Contact: Jane-Diane Frasr
613-569-4361 x273
Heart and Stroke Foundation of Canada

Related medicine news :

1. Researchers find pathway that drives spread of pediatric bone cancer in preclinical studies
2. Quebec City researchers pave the way for novel treatment of pulmonary hypertension
3. Mount Sinai researchers discover origin of immune cells in the brain
4. UC San Diego researchers identify factor boosting leukemias aggressiveness
5. UCI stem cell researchers to receive $9.35 million in state funding
6. Researchers find better method to help mothers cope with childs cancer and related stress
7. Researchers advocate for more education and attention regarding rare breast cancer
8. Mount Sinai researchers discover why cocaine is so addictive
9. Temperature rhythms keep body clocks in sync, UT Southwestern researchers find
10. Need a study break to refresh? Maybe not, say Stanford researchers
11. Researchers reach consensus on use of deep brain stimulation to treat Parkinsons
Post Your Comments:
(Date:6/27/2016)... ... June 27, 2016 , ... TherapySites, the ... affiliation with Tennessee Counseling Association. This new relationship allows TherapySites to ... Counseling Association, adding exclusive benefits and promotional offers. , "TCA is extremely excited ...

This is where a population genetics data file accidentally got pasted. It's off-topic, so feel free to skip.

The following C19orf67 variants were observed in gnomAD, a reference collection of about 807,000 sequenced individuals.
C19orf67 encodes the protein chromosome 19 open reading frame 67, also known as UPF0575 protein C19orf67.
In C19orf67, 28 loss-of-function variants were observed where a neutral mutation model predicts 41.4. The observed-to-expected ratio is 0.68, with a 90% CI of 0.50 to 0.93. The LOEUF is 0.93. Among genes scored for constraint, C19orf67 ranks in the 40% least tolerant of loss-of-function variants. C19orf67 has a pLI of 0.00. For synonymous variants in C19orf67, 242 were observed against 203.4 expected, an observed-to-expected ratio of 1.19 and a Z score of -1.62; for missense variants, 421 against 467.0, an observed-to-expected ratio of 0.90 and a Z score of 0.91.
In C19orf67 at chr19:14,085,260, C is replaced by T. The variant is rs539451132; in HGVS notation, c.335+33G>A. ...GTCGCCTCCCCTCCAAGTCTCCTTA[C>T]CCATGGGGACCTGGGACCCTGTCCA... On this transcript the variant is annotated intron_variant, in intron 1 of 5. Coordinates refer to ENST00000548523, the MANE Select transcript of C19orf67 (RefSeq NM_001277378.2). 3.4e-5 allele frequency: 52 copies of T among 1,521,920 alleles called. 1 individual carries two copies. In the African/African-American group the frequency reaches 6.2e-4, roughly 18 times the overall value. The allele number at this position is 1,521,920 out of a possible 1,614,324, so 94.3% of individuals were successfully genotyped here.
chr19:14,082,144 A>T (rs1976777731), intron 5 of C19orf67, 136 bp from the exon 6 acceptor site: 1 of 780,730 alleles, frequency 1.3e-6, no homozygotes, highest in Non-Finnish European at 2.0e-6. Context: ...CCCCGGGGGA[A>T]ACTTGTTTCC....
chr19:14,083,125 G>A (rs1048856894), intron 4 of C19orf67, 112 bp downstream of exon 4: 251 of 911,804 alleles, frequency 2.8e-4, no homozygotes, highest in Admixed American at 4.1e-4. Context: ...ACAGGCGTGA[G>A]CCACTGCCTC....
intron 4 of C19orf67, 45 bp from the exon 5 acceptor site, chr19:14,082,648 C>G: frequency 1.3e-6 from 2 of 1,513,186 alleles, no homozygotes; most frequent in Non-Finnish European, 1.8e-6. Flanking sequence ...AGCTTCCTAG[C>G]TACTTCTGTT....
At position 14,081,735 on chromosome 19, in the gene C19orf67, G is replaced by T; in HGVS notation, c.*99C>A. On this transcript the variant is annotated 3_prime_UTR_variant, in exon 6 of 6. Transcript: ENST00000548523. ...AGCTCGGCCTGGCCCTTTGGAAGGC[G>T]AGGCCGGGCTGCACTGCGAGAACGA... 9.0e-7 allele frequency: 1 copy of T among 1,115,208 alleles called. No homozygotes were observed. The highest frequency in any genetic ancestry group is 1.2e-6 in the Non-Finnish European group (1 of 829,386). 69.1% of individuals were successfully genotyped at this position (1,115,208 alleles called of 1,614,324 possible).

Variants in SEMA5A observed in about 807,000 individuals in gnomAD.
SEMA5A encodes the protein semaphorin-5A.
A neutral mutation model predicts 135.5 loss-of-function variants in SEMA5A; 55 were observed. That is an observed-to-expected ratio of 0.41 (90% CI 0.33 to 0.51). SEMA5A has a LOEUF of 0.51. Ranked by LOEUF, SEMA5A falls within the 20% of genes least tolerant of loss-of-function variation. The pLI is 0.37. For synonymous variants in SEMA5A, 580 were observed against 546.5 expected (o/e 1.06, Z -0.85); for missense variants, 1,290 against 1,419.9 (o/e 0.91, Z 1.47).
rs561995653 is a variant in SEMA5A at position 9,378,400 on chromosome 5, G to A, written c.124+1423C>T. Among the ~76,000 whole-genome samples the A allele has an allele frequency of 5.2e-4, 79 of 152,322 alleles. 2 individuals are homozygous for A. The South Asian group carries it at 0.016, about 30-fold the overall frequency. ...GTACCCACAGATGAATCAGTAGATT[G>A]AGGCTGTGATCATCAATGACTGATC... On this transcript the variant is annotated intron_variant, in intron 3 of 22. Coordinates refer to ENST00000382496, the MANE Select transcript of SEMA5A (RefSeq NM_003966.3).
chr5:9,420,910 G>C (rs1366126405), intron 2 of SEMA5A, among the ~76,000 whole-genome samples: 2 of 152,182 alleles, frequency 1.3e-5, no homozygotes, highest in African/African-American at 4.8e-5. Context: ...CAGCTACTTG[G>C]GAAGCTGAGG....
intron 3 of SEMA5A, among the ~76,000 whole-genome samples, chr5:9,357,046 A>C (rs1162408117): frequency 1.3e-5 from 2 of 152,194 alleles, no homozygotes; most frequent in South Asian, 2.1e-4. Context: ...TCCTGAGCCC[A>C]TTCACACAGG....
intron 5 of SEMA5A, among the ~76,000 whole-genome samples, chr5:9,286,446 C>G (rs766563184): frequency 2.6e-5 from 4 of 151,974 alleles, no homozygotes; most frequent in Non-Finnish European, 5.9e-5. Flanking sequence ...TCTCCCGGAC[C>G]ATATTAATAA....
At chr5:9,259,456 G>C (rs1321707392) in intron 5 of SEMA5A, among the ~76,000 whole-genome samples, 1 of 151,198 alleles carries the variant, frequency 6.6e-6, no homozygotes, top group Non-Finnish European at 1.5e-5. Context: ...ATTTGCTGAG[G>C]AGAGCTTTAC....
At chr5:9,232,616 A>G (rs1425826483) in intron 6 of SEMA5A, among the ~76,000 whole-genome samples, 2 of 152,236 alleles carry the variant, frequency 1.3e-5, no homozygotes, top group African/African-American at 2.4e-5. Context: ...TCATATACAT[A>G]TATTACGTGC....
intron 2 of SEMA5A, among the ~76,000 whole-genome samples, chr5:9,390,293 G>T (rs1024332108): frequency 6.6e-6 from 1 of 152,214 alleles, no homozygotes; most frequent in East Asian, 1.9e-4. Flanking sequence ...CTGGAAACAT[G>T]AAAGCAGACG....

(Date:6/27/2016)... Park, KS (PRWEB) , ... June 27, 2016 , ... ... in retailers of Eyeglasses . , Millions of individuals in the United States ... eyeglasses have become a way to both correct vision and make a fashion statement. ...
(Date:6/26/2016)... Viejo, California (PRWEB) , ... June 26, 2016 , ... ... Final Cut Pro X. , "Film editors can give their videos a whole new ... said Christina Austin - CEO of Pixel Film Studios. , ProSlice Levels contains ...
(Date:6/26/2016)... ... June 26, 2016 , ... ... they have been diagnosed with endometriosis. These women need a treatment plan to ... a comprehensive approach that can help for preservation of fertility and ultimately achieving ...
(Date:6/25/2016)... ... ... Bruton Memorial Library on June 21 due to a possible lice infestation, as reported by ... lice: the parasite’s ability to live away from a human host, and to infest common ... the event that lice have simply gotten out of control. , As lice are a ...
Breaking Medicine News(10 mins):
(Date:6/24/2016)... , June 24, 2016  Consumers have taken ... regulators/payers have placed more emphasis on patient outcomes. ... support programs in the pharmaceutical industry have evolved ... Consequently, pharmaceutical companies are focusing on becoming more ... providing products and services that improve health. ...
(Date:6/24/2016)... -- Research and Markets has announced ... Applications, Technologies, Forecasts" report to their offering. ... Smart Skin, Structural Health Monitoring, Composite Smart Structures, ... involves electronic and/or electrical components and circuits that ... such as vehicle bodies or conformally placed upon ...
(Date:6/24/2016)... , June 24, 2016 According ... by Type (Standard Pen Needles, Safety Pen Needles), Needle ... GLP-1, Growth Hormone), Mode of Purchase (Retail, Non-Retail) - ... This report studies the market for the forecast period ... reach USD 2.81 Billion by 2021 from USD 1.65 ...
Breaking Medicine Technology: